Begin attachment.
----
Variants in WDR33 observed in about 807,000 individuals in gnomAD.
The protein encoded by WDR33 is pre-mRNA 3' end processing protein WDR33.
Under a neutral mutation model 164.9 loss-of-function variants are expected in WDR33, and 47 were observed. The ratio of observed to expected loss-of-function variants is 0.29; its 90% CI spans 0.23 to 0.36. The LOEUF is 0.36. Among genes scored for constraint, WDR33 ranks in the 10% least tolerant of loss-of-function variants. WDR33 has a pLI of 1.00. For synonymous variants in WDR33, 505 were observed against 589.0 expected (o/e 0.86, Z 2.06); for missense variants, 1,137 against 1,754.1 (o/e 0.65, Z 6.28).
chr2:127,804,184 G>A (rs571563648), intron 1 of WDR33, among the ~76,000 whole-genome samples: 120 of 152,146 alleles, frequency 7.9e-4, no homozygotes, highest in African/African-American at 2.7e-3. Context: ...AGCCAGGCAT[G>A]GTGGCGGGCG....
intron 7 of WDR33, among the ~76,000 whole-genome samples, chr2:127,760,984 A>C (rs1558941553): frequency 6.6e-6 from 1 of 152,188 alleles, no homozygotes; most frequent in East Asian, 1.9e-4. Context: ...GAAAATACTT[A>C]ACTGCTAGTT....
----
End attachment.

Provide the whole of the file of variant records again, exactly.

Variants in WDR33 observed in about 807,000 individuals in gnomAD.
The protein encoded by WDR33 is pre-mRNA 3' end processing protein WDR33.
Under a neutral mutation model 164.9 loss-of-function variants are expected in WDR33, and 47 were observed. The ratio of observed to expected loss-of-function variants is 0.29; its 90% CI spans 0.23 to 0.36. The LOEUF is 0.36. Among genes scored for constraint, WDR33 ranks in the 10% least tolerant of loss-of-function variants. WDR33 has a pLI of 1.00. For synonymous variants in WDR33, 505 were observed against 589.0 expected (o/e 0.86, Z 2.06); for missense variants, 1,137 against 1,754.1 (o/e 0.65, Z 6.28).
chr2:127,804,184 G>A (rs571563648), intron 1 of WDR33, among the ~76,000 whole-genome samples: 120 of 152,146 alleles, frequency 7.9e-4, no homozygotes, highest in African/African-American at 2.7e-3. Context: ...AGCCAGGCAT[G>A]GTGGCGGGCG....
intron 7 of WDR33, among the ~76,000 whole-genome samples, chr2:127,760,984 A>C (rs1558941553): frequency 6.6e-6 from 1 of 152,188 alleles, no homozygotes; most frequent in East Asian, 1.9e-4. Context: ...GAAAATACTT[A>C]ACTGCTAGTT....